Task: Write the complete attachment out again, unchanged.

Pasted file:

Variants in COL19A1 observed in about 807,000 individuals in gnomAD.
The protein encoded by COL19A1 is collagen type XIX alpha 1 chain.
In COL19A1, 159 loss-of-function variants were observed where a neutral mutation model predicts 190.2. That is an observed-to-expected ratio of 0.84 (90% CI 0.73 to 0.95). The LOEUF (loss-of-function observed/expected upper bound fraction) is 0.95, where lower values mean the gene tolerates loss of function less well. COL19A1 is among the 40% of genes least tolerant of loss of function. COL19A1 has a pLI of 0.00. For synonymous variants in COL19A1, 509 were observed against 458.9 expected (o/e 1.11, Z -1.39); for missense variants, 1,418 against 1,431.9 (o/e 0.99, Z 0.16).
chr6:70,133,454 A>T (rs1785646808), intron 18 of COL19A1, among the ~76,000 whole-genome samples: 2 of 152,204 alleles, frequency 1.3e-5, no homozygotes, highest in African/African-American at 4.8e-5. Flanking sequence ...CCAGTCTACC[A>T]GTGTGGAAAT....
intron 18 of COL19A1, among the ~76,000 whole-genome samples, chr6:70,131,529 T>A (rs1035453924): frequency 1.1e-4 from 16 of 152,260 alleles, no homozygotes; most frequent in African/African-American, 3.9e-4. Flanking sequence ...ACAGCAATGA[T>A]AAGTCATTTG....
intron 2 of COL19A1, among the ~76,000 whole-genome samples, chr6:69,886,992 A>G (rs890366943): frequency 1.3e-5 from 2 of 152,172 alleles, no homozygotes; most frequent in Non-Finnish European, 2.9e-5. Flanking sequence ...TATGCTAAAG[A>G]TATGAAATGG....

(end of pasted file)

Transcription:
Variants in COL19A1 observed in about 807,000 individuals in gnomAD.
The protein encoded by COL19A1 is collagen type XIX alpha 1 chain.
In COL19A1, 159 loss-of-function variants were observed where a neutral mutation model predicts 190.2. That is an observed-to-expected ratio of 0.84 (90% CI 0.73 to 0.95). The LOEUF (loss-of-function observed/expected upper bound fraction) is 0.95, where lower values mean the gene tolerates loss of function less well. COL19A1 is among the 40% of genes least tolerant of loss of function. COL19A1 has a pLI of 0.00. For synonymous variants in COL19A1, 509 were observed against 458.9 expected (o/e 1.11, Z -1.39); for missense variants, 1,418 against 1,431.9 (o/e 0.99, Z 0.16).
chr6:70,133,454 A>T (rs1785646808), intron 18 of COL19A1, among the ~76,000 whole-genome samples: 2 of 152,204 alleles, frequency 1.3e-5, no homozygotes, highest in African/African-American at 4.8e-5. Flanking sequence ...CCAGTCTACC[A>T]GTGTGGAAAT....
intron 18 of COL19A1, among the ~76,000 whole-genome samples, chr6:70,131,529 T>A (rs1035453924): frequency 1.1e-4 from 16 of 152,260 alleles, no homozygotes; most frequent in African/African-American, 3.9e-4. Flanking sequence ...ACAGCAATGA[T>A]AAGTCATTTG....
intron 2 of COL19A1, among the ~76,000 whole-genome samples, chr6:69,886,992 A>G (rs890366943): frequency 1.3e-5 from 2 of 152,172 alleles, no homozygotes; most frequent in Non-Finnish European, 2.9e-5. Flanking sequence ...TATGCTAAAG[A>G]TATGAAATGG....